Heinemann, Larry 1944-

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Heinemann, Larry 1944-
(Larry Curtiss Heinemann)


Born January 18, 1944, in Chicago, IL; married Edie Smith (an office manager); children: Sarah, Preston. Education: Kendall College, A.A., 1966; Columbia College, B.A., 1971.


Agent—c/o Author Mail, Doubleday, 1745 Broadway, New York, NY 10019.


Columbia College, Chicago, IL, instructor in writing, 1971-86; writer, 1971—. Claridge lecturer, Illinois College, 1995; Regent's scholar, University of California-Davis, 1995; Miller scholar, University of Illinois-Champaign, 1996; writer-in-residence, Northwestern University, Chicago, IL, 1996. Director of writing workshops throughout the United States. Served on various panels and committees, including Chicago mayor Richard M. Daley's Advisory Committee on Veterans' Affairs, 1988-90; National Endowment for the Arts fiction peer panel, 1988; Nelson Algren Literary Award panel, 1989; Chicago Sun-Times Book of the Year panel, 1990; and National Book Award fiction panel, 1991. Military service: U.S. Army, 1966-68, served in Vietnam; became sergeant; received Combat Infantryman's Badge.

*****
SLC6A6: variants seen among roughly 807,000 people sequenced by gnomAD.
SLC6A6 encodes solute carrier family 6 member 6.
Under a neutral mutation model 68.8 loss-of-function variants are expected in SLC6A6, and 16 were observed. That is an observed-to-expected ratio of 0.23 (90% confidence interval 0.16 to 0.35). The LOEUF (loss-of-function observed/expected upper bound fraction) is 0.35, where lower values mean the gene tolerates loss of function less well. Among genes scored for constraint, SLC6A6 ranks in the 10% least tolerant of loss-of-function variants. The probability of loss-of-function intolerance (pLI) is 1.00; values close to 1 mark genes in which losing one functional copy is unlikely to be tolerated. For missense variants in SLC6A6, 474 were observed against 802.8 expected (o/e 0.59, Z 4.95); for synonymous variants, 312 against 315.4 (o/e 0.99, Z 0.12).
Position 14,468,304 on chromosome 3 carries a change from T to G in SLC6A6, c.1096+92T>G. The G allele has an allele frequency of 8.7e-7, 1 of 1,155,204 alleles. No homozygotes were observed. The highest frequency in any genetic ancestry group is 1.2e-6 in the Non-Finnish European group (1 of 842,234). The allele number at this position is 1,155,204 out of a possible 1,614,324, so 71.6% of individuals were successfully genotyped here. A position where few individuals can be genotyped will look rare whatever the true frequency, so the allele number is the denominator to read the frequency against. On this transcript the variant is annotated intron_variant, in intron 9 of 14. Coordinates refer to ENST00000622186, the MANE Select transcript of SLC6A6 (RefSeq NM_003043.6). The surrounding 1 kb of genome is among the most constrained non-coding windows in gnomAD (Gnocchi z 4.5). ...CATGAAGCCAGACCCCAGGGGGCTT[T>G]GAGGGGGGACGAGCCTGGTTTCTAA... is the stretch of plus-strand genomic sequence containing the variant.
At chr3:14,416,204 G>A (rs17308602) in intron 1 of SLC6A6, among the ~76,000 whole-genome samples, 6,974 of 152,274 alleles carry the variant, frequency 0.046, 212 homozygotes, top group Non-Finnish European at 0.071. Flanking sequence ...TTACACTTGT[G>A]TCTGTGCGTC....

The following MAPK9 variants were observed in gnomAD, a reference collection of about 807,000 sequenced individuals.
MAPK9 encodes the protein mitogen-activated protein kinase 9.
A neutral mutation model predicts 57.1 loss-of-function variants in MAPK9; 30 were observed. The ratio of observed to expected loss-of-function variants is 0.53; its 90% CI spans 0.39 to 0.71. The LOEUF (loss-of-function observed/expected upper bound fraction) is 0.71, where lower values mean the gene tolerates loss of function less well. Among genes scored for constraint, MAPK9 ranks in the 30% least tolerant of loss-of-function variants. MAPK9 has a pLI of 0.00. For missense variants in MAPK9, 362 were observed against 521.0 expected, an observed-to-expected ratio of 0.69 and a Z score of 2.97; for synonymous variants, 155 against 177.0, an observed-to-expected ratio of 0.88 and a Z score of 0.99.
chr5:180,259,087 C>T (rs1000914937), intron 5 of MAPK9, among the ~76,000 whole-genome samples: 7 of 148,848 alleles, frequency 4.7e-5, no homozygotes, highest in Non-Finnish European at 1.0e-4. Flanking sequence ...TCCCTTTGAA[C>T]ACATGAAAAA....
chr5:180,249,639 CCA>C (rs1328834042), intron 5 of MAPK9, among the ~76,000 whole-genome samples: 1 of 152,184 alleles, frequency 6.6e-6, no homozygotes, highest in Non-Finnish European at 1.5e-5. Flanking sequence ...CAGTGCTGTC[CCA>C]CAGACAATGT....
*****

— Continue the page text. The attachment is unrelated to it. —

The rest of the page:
Best first novel citation from Society of Midland Authors, 1978, for Close Quarters; Pratt fellow, Bread Loaf Writer's Conference, 1979; fellowships from the National Endowment for the Arts, 1982 and 1986; fellowships from the Illinois Arts Council, 1982 and 1987; National Book Award, Carl Sandburg Medal, Vietnam Veterans of America Tu Do Chien (Freedom to Express) Award, and fiction prize from Society of Midland Authors, all 1987, all for Paco's Story; Guggenheim Foundation fellow, 1988-89; Steinberg/PEN fellow, University of Pennsylvania, 1989; named author of the year, Illinois Association of Teachers of English, 1993; Fulbright scholarship, 2002.